The group also announced an increase in BK Capital operating income, currently at Rwf236 million, indicating an increase of 65 percent year-on-year, mainly coming from advisory services as well as fund and asset management which increased by 30 percent.
The group’s other subsidiary, BK TechHouse, reported a 54 percent increase in sales, making about Rwf389 million in earnings mainly from sale of broadband products as well as digital platforms that performed well in the first quarter.
Umuhire said that the 8.6 percent year-on-year increase in net income was mainly due to better pricing of new loans as well as the well-managed cost of funds that was maintained at 3.8 percent.
However, the group’s operating expenses are up by 24 percent, currently at Rwf21.1 billion, indicating a year-on-year increase of 24 percent, mainly due to card-related fees and maintenance costs, as a result of improved performance in card-related transactions.
The financial institution also registered an increase of 20 percent in staff-related expenses mainly due to fresh recruitments as well as inflationary adjustments.
Bank of Kigali’s net provisions increased by Rwf4 billion due to staging migration of some key accounts that were on the bank’s radar, resulting in a cost of risk of 2.6 percent.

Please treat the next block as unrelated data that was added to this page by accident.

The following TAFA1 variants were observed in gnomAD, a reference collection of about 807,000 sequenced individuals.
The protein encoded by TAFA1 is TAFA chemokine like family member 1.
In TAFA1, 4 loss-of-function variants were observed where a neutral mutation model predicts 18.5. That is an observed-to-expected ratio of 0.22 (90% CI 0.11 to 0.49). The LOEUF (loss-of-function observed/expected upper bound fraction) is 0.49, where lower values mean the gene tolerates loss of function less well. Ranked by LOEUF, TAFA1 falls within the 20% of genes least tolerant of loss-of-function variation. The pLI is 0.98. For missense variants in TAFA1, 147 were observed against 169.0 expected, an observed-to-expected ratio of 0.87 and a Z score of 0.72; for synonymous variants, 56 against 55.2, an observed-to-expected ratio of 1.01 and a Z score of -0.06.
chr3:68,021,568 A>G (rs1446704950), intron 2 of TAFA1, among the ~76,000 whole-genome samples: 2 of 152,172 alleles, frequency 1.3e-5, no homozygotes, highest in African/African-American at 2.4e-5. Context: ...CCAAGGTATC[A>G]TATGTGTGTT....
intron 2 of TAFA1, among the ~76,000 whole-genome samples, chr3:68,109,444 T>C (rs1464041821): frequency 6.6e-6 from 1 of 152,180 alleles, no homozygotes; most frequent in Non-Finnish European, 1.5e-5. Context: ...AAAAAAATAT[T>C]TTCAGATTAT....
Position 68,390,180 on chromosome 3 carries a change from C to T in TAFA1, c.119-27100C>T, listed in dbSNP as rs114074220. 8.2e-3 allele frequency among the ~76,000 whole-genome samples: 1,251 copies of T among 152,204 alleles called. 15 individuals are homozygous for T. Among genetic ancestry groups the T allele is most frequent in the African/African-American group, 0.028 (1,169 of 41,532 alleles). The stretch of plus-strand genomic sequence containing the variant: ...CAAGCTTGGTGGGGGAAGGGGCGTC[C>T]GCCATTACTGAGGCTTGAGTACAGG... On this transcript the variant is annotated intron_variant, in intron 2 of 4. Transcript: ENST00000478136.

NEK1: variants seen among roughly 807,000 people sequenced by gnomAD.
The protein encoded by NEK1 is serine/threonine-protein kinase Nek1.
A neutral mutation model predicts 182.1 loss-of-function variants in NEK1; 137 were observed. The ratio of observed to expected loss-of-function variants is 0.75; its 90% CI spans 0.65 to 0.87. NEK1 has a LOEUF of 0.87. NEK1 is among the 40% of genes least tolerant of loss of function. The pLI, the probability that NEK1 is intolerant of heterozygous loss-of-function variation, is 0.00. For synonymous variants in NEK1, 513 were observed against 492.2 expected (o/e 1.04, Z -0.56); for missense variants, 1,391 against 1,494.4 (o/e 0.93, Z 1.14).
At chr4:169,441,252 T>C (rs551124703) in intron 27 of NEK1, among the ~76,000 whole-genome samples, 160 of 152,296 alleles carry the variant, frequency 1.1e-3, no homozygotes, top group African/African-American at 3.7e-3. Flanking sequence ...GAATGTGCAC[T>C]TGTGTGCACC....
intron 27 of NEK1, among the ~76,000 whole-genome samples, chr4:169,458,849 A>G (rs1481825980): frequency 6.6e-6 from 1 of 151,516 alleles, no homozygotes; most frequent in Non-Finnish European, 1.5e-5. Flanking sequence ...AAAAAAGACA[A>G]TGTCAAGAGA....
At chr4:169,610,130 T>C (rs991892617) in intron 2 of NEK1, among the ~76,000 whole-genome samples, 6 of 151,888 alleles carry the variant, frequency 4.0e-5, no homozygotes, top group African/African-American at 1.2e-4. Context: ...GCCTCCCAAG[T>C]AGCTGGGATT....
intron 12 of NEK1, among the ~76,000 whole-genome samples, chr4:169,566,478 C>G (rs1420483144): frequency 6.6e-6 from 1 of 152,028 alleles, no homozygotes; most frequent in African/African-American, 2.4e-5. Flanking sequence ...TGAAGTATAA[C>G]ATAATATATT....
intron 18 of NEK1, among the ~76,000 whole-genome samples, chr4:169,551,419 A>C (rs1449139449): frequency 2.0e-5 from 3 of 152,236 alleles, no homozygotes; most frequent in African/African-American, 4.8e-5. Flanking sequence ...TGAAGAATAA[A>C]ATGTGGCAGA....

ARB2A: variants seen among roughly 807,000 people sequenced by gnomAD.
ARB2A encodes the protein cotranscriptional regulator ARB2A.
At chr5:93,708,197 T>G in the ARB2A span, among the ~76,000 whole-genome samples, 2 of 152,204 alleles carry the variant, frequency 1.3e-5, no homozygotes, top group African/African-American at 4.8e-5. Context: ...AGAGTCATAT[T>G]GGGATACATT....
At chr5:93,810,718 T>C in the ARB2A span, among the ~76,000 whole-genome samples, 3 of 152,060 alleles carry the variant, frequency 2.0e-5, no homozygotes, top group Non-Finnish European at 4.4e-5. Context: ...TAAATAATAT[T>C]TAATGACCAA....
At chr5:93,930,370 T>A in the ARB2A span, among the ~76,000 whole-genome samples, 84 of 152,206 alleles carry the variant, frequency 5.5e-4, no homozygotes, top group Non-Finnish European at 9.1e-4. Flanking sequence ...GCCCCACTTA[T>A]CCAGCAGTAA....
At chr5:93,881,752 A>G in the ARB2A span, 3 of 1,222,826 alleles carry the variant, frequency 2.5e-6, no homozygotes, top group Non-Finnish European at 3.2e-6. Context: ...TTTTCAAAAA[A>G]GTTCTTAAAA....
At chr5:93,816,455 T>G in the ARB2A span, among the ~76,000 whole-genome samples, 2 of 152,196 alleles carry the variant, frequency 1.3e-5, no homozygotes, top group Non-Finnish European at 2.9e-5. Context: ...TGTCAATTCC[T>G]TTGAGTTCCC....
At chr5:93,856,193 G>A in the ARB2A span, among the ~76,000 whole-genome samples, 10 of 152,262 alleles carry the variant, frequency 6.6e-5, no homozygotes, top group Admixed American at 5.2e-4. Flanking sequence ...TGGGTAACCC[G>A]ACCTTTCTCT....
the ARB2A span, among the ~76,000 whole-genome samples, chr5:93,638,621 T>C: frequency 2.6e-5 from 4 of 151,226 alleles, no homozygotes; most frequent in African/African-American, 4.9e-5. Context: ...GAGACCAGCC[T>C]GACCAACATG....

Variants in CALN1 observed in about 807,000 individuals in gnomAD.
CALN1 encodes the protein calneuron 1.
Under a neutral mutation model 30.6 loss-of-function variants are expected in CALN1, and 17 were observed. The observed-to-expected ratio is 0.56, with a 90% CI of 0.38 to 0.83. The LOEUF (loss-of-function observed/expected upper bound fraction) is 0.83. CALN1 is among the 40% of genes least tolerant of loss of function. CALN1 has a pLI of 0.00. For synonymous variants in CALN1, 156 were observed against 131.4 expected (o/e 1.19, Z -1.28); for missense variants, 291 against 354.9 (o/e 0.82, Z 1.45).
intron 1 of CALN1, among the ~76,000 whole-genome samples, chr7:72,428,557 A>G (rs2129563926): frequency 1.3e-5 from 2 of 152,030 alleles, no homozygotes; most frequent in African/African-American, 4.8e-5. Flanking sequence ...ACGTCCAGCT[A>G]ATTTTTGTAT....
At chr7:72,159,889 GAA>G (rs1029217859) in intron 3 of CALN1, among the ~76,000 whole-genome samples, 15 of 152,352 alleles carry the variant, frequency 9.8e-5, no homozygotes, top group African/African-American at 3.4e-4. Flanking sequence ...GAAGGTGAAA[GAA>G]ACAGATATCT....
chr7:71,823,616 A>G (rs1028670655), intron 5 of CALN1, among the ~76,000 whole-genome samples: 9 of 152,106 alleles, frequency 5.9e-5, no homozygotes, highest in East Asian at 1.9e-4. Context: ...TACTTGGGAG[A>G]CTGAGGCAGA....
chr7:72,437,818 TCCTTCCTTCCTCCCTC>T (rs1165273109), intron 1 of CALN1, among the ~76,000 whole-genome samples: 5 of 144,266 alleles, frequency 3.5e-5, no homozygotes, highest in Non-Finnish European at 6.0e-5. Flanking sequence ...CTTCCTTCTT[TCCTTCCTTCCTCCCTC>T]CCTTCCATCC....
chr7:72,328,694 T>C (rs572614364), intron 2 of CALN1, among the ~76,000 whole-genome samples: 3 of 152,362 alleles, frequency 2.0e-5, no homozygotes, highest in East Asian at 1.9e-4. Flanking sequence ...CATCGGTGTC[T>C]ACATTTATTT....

The bank’s balance sheet shrunk by 6.1 percent year-on-year compared to the last quarter of 2022, attributed to short-term borrowings and inter-bank balances that matured at the beginning of 2023.
BK also reported a decline in customer deposits, which have reduced by Rw16 billion mainly due to price-related challenges.
The bank also said that a decrease in its funding base adversely affected its investment strategy, a Rwf50 billion investment in government securities matured but was renewed.
Similarly, BK’s loan book slightly decreased by one percent 1.4 percent mainly due to major repayments that were registered at the beginning of the year.
The bank is now focusing on growing the funding base to ensure organic loan book growth, buoyed by the performance in the first quarter.
Uptake of online banking
Dr. Karusisi pointed out that the bank continues to see more people migrate from banking with branches to online banking and the mobile application, which is in line with Bank of Kigali’s strategy to see more people using digital channels.
As a result, Karusisi said that the bank recently closed one of its branches as people continue to show appetite for digital banking options, something she said will help cut the institution’s operating costs.
She attributed the adaptation of digital banking services to revamping of digital channels, introducing new features and payment solutions, among them a loan management feature, all of which have improved customer experience.
“We added a number of payment solutions, people can now send money to China using Alipay from the app. This is something that we’ll continue doing improving experience but also adding more features to our channels,”